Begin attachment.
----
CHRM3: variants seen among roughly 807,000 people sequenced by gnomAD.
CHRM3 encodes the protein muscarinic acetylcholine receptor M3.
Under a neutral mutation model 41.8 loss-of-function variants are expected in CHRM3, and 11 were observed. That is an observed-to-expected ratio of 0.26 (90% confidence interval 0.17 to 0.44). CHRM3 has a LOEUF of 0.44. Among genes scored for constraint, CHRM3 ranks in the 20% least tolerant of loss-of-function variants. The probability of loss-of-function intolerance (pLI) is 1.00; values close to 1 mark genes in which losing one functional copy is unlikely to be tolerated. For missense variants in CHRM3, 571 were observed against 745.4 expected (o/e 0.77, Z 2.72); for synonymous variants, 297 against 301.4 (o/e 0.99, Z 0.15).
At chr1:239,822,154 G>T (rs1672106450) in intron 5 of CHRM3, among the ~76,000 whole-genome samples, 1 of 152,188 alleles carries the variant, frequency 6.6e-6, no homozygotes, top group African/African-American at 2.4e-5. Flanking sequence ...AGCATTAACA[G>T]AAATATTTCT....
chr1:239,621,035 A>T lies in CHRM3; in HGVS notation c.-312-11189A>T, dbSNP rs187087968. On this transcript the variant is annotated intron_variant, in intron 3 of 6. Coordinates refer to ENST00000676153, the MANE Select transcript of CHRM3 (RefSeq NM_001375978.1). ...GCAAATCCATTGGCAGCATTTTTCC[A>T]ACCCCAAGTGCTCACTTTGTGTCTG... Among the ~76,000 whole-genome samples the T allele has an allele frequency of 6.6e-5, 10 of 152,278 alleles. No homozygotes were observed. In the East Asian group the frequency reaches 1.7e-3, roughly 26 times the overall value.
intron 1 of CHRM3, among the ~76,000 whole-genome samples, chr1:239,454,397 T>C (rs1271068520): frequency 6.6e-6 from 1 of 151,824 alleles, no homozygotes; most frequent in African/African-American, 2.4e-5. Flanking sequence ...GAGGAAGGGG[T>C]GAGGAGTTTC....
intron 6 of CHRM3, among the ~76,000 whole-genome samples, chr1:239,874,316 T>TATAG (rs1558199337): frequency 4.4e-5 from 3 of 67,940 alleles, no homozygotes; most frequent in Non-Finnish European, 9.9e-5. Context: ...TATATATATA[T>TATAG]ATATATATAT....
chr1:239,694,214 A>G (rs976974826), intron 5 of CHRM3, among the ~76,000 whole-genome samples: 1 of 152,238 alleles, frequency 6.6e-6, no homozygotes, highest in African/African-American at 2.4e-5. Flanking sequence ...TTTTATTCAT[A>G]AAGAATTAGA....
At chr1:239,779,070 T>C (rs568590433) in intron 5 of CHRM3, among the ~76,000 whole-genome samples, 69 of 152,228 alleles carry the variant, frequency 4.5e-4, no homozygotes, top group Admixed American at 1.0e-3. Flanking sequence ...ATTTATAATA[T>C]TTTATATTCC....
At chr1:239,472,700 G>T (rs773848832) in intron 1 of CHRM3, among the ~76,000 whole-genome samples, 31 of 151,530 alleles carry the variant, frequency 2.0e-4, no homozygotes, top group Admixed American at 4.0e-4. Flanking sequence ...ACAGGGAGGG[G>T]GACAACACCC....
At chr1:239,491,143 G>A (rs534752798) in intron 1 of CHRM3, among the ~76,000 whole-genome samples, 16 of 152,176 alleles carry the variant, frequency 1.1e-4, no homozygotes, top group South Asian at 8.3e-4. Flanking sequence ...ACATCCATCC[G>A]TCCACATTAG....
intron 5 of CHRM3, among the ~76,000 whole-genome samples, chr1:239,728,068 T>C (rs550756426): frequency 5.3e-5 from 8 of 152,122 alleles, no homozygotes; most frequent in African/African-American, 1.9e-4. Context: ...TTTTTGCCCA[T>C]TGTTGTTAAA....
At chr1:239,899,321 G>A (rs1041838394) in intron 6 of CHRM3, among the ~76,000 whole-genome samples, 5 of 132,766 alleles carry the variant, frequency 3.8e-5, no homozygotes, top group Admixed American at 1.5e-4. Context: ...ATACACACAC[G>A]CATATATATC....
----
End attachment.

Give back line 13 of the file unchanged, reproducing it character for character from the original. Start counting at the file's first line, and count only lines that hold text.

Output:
At chr1:239,899,321 G>A (rs1041838394) in intron 6 of CHRM3, among the ~76,000 whole-genome samples, 5 of 132,766 alleles carry the variant, frequency 3.8e-5, no homozygotes, top group Admixed American at 1.5e-4. Context: ...ATACACACAC[G>A]CATATATATC....